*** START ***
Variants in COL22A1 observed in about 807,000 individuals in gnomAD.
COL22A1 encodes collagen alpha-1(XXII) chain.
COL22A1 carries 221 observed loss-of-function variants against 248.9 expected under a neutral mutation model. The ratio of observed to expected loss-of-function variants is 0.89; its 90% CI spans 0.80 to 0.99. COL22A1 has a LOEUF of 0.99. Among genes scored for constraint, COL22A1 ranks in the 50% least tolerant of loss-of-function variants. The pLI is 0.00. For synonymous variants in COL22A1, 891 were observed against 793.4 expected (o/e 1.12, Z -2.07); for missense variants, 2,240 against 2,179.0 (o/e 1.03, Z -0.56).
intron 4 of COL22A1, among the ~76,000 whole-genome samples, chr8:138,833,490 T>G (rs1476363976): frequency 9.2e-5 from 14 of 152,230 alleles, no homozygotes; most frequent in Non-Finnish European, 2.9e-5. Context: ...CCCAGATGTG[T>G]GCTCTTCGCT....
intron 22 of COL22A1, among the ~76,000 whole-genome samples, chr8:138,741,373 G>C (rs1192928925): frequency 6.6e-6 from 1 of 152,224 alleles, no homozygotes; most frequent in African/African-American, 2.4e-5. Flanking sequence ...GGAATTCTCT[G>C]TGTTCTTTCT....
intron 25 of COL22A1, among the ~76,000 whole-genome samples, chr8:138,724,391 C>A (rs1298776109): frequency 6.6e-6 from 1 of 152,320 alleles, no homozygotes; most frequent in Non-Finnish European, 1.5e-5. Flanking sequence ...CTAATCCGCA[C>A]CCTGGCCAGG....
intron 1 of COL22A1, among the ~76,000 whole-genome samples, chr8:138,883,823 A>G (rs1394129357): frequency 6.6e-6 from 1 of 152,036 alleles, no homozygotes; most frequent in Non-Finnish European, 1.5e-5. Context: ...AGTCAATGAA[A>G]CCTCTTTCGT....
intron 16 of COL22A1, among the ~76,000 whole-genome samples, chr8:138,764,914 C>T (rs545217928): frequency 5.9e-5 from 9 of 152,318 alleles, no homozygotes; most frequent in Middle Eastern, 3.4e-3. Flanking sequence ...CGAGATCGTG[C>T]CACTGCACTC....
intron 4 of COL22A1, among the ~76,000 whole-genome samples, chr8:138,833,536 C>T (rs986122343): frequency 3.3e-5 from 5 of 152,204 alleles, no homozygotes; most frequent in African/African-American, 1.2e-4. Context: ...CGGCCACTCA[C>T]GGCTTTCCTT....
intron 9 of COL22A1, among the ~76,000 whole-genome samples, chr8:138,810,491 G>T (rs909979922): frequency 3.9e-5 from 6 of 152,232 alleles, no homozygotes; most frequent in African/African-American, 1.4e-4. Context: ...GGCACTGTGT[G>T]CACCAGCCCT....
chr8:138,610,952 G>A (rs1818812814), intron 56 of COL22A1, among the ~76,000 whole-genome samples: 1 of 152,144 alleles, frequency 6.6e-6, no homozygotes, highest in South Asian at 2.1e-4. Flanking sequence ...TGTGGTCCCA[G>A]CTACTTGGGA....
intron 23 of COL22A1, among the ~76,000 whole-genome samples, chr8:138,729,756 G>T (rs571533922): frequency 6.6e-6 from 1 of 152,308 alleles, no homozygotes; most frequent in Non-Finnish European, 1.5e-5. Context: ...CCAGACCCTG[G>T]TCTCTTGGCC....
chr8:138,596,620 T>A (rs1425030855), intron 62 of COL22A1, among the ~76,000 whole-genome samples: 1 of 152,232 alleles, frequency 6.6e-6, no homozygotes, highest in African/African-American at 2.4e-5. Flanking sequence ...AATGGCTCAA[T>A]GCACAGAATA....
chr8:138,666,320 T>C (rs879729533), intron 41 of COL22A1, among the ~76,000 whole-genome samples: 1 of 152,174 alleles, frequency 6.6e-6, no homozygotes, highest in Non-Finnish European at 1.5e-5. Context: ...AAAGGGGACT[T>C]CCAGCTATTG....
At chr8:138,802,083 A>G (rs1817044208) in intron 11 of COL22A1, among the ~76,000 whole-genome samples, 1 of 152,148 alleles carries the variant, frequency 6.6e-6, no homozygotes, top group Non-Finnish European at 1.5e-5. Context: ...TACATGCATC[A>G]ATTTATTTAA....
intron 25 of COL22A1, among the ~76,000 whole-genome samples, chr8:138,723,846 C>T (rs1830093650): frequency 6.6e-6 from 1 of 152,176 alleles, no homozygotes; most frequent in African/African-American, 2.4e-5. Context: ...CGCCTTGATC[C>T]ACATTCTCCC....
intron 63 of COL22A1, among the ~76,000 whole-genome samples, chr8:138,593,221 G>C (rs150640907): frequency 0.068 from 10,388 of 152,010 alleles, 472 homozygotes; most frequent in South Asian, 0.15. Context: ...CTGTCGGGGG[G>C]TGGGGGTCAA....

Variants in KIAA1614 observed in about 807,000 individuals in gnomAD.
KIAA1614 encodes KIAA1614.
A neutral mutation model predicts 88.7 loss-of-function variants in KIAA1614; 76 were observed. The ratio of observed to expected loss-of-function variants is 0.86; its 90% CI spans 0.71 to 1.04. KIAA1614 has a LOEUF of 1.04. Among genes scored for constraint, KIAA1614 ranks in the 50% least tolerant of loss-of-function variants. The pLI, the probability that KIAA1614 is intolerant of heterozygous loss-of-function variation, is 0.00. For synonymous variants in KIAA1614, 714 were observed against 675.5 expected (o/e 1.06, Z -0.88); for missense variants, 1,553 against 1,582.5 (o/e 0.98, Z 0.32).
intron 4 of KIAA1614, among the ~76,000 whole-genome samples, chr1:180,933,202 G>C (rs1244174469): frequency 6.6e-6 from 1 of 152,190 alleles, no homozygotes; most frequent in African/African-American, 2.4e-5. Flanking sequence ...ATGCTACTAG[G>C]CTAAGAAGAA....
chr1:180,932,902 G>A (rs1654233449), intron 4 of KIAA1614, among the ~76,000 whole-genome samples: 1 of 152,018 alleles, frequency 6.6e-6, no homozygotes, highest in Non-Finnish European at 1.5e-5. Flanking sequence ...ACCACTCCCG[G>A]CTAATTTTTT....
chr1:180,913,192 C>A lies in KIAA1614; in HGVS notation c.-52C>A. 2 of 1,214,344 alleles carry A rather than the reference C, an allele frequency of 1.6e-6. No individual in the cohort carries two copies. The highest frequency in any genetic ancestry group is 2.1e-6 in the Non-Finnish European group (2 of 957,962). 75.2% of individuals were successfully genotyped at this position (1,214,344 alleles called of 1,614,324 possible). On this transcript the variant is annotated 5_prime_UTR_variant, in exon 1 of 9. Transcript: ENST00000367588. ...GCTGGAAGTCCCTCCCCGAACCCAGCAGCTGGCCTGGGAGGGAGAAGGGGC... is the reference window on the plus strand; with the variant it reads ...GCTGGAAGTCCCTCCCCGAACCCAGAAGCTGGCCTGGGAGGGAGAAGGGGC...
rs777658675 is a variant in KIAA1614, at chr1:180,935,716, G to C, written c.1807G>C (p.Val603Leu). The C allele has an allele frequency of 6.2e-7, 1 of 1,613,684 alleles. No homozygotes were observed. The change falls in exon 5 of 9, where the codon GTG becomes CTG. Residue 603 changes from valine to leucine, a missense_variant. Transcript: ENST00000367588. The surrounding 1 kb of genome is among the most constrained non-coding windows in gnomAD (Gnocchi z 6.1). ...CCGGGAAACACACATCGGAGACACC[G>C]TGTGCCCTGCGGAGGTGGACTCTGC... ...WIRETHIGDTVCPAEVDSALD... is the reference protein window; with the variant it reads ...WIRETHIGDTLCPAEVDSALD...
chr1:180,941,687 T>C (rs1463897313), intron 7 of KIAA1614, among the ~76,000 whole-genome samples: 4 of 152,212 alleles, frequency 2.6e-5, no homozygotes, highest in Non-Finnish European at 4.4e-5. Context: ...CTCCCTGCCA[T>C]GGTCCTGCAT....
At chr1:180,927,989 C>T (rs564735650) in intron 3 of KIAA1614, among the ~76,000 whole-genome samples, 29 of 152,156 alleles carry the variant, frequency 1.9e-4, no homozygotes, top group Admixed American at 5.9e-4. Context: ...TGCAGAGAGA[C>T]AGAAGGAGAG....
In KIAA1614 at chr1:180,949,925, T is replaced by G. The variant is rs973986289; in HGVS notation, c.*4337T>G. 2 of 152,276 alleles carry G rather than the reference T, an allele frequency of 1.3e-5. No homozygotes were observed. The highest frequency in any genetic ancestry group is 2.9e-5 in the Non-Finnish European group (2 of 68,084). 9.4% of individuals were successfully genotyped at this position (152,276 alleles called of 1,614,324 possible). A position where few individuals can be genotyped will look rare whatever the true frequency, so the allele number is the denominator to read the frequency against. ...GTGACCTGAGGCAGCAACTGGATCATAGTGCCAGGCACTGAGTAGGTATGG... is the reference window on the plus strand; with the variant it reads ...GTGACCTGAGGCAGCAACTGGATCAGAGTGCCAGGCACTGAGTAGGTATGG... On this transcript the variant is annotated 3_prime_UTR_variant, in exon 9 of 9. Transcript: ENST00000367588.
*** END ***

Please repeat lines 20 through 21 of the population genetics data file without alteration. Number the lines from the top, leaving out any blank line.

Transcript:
A neutral mutation model predicts 88.7 loss-of-function variants in KIAA1614; 76 were observed. The ratio of observed to expected loss-of-function variants is 0.86; its 90% CI spans 0.71 to 1.04. KIAA1614 has a LOEUF of 1.04. Among genes scored for constraint, KIAA1614 ranks in the 50% least tolerant of loss-of-function variants. The pLI, the probability that KIAA1614 is intolerant of heterozygous loss-of-function variation, is 0.00. For synonymous variants in KIAA1614, 714 were observed against 675.5 expected (o/e 1.06, Z -0.88); for missense variants, 1,553 against 1,582.5 (o/e 0.98, Z 0.32).
intron 4 of KIAA1614, among the ~76,000 whole-genome samples, chr1:180,933,202 G>C (rs1244174469): frequency 6.6e-6 from 1 of 152,190 alleles, no homozygotes; most frequent in African/African-American, 2.4e-5. Flanking sequence ...ATGCTACTAG[G>C]CTAAGAAGAA....